During the Warring States Period a great battle took place at Fushimi Momoyama Castle in 1600 between the forces of Torii Mototada, entrusted with the castle’s defense by Tokugawa Ieyasu, and Ishida Mitsunari. Faced with overwhelming odds and impending defeat, Torii and his remaining forces committed ritual suicide. Once Tokugawa defeated his enemies and became the shogun, he ordered the blood-stained floorboards be installed as the ceilings of several temples, most notably: Genkō-an, Hōsen-in, and Yōgen-in. If you look up at Genkō-an’s temple ceiling, you can see the bloody hand and footprints of warriors who died four hundred years ago, as well as the imprint of a man’s armored side in browned old blood.
Beyond its architectural and historical features, the temple is also home to a charming garden.
The whole area near Koetsuji Temple (which is very close to Genko-an) was given by the shogun Ieyasu Tokugawa to the artist Honami Koetsu (1558-1637), who constructed an artist’s colony here and invited many of his friends and family to come and live.
Koetsu was a master of many arts including sword polishing, calligraphy, ceramics, lacquer, and the Japanese tea ceremony.
Koetsu’s interest in the tea ceremony is reflected in the layout of Koetsuji Temple, which rather than containing religious halls consists instead of a number of tea houses (seven in total) set in a strolling tea garden.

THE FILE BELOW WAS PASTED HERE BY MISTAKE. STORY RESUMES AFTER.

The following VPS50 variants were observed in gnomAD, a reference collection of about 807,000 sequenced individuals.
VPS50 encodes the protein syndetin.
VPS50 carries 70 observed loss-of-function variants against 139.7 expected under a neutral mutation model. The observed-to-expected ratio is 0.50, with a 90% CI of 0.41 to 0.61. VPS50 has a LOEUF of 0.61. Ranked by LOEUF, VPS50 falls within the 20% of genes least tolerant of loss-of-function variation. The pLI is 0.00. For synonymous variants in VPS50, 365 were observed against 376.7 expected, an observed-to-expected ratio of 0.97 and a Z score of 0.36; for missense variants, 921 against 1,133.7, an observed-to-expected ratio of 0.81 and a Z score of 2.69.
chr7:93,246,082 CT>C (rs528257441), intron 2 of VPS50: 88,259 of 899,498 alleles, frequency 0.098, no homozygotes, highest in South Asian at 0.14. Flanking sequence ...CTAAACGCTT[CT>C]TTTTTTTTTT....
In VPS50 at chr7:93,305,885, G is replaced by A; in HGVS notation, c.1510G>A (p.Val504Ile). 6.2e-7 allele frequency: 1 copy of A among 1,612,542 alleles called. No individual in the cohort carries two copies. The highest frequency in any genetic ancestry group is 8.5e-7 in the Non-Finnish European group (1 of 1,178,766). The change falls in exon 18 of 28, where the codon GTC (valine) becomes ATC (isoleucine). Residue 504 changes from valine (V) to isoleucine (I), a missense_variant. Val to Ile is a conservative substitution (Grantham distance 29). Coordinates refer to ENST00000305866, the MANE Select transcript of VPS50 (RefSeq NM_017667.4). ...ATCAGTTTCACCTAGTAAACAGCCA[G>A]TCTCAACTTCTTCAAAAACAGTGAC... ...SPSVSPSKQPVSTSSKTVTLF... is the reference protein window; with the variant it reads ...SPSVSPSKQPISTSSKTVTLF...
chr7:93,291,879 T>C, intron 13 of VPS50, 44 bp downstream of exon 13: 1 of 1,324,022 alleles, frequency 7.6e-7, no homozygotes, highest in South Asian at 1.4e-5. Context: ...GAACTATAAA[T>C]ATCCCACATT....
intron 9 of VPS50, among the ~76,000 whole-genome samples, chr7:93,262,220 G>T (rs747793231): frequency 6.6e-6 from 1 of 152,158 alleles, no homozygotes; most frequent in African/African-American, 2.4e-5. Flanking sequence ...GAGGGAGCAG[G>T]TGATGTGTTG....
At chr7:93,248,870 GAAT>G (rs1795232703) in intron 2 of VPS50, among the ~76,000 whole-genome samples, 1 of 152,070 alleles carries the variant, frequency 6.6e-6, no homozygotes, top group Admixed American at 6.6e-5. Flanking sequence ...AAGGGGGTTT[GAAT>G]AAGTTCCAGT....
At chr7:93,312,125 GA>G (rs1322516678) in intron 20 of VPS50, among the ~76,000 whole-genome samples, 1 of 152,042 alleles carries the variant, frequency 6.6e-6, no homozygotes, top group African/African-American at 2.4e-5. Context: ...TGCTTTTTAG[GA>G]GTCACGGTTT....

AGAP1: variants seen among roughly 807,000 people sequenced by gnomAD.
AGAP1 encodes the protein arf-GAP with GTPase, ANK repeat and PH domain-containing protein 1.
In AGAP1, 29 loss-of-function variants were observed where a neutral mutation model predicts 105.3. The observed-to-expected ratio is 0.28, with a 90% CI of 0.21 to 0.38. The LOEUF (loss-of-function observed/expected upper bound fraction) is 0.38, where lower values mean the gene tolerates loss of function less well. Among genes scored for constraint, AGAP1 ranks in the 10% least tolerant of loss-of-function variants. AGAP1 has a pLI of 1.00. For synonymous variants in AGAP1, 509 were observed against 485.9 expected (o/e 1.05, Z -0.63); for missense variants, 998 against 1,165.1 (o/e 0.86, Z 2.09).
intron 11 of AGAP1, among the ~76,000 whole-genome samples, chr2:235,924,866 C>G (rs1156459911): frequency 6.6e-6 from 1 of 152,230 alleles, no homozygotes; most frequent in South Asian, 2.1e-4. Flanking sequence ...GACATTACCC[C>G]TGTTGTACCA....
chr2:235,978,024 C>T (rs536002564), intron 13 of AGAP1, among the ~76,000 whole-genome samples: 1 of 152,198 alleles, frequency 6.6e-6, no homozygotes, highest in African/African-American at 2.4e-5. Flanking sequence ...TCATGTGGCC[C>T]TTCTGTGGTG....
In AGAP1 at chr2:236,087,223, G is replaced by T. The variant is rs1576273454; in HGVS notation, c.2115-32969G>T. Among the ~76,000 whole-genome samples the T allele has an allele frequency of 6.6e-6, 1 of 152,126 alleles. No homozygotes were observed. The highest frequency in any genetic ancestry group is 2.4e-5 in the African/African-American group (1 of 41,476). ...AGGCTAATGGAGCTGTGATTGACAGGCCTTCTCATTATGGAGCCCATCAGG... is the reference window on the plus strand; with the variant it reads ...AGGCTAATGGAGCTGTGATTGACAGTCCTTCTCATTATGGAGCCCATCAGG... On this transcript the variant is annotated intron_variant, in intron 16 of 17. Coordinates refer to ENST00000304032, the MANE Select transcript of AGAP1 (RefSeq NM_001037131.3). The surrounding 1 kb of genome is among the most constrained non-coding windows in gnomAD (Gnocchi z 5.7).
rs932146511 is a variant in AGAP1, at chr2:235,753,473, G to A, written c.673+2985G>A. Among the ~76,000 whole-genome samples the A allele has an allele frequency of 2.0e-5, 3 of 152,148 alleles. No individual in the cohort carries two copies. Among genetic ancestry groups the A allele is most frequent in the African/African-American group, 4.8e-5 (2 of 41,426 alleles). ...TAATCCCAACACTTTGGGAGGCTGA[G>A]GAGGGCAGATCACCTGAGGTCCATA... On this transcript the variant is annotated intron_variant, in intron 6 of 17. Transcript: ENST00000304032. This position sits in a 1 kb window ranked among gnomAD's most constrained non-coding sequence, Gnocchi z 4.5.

Koetsuji Temple is well-known for its lovely garden which is particularly popular during the autumn leaf viewing season in Kyoto and for its cherry blossoms. At the end of the garden, there are views down over Kyoto city.
Maruyama Park is beautiful all year round. It is very close to Yasaka Jinja (my favourite area of Kyoto).
It is lovely in autumn too!
The Kyoto Imperial Palace used to be the residence of Japan’s Imperial Family until 1868 when the emperor and capital were moved from Kyoto to Tokyo. It is located in the spacious Kyoto Imperial Park.
The complex is enclosed by long walls and consists of several gates, halls and gardens.
Formerly only accessible on guided tours that required advance reservations, the palace grounds can now be entered and explored without joining a tour and without any prior arrangements.
Visitors can see the palace buildings and gardens, but note that none of the buildings can be entered.
Shorenin is a Buddhist temple in Higashiyama. It is one of the city’s monzeki temples, which are temples whose head priests were traditionally members of the imperial family. A winding route takes visitors through Shorenin’s various temple buildings and gardens.